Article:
During these unprecedented times, many homeowners and buy to let landlords will have a fear of what will happen with their home or investment property if they cannot continue to make mortgage payments.
Unlike the provisions to protect residential and commercial tenants from eviction, mortgage holidays from UK lenders are (as things stand) not enforced by law. The policy adopted by most lenders is the consequence of an agreement between the government and principle lenders, but, this scheme is voluntary and does not have to be supported by a lender if they do not wish to.
UK Finance (representing that industry sector) has issued guidance with the following key points:
- A payment holiday will be available to all customers who are up to date on their mortgage payments.
- A payment holiday will also be available to all buy-to-let landlords whose tenants have lost income because of the impact of Covid-19. Landlords are expected to pass on this relief to their tenants to ensure that they are supported during this time. It should be noted that the borrower needs to certify that their tenant has been affected to qualify for the scheme, and it is not available if the tenant’s income has not been reduced.
- A borrower will continue to owe the money where a payment holiday has been granted and interest will still accrue, so if you are able to make part of your normal mortgage payment to reduce the money you owe or your interest charges then you should consider doing so.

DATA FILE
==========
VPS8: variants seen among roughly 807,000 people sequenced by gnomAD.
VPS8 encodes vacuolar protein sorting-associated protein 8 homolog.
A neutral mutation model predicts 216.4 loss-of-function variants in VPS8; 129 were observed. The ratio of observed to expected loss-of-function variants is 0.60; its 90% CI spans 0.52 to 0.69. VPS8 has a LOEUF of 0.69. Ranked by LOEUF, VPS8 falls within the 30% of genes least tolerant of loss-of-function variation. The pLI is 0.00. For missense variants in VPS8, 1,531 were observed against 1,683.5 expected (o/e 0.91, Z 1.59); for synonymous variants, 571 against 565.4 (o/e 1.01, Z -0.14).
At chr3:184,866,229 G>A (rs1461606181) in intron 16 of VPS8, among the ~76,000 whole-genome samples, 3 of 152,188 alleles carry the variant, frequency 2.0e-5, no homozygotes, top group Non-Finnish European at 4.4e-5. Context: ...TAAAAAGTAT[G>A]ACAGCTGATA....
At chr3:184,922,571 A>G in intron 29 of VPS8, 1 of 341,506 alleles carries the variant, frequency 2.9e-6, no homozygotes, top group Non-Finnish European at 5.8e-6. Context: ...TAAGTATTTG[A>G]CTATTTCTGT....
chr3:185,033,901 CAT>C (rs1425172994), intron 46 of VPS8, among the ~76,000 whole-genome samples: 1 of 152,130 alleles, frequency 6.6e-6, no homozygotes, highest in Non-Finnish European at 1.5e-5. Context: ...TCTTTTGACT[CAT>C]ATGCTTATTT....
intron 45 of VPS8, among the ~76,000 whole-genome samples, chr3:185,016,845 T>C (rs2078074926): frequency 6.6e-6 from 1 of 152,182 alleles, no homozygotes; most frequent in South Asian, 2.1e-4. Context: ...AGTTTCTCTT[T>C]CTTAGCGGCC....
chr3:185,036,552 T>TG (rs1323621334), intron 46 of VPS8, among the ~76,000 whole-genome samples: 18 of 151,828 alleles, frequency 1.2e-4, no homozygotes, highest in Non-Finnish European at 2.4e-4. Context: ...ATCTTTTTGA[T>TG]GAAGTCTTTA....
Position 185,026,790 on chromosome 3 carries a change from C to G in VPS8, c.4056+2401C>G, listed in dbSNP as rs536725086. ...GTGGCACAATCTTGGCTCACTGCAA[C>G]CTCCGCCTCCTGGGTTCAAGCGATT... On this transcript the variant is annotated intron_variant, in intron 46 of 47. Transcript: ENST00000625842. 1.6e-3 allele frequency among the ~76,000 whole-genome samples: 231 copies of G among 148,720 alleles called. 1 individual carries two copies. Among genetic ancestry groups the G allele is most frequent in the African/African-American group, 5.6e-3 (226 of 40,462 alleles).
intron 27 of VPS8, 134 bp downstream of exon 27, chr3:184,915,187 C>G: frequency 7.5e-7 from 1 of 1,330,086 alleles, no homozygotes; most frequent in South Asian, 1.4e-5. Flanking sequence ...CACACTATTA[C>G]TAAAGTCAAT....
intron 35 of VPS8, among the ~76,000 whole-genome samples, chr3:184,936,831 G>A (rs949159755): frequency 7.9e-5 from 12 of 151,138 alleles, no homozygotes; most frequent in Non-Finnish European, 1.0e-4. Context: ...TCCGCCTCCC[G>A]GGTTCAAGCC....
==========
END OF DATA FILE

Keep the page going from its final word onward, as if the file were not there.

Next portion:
- Lenders will make every effort to ensure that the payment holiday does not negatively impact on your credit file.
- If you are already in arrears, you should contact your lender as soon as possible. Lenders will review any change to your circumstances to ensure that payments remain sustainable and they may be able to offer you a payment holiday.
- If you are already experiencing financial difficulty, lenders have also agreed a three-month moratorium on residential and buy-to-let possession action (from 19 March 2020), meaning that no homes will be repossessed at this difficult time.
The guidance does not exclude borrowers with more than one property. Any mortgage holiday will, in essence, be seen in law as a contractual agreement to “alter” existing contractual obligations between the borrower and the lender.
Website content note: This is not legal advice; it is intended to provide information of general interest about current legal issues.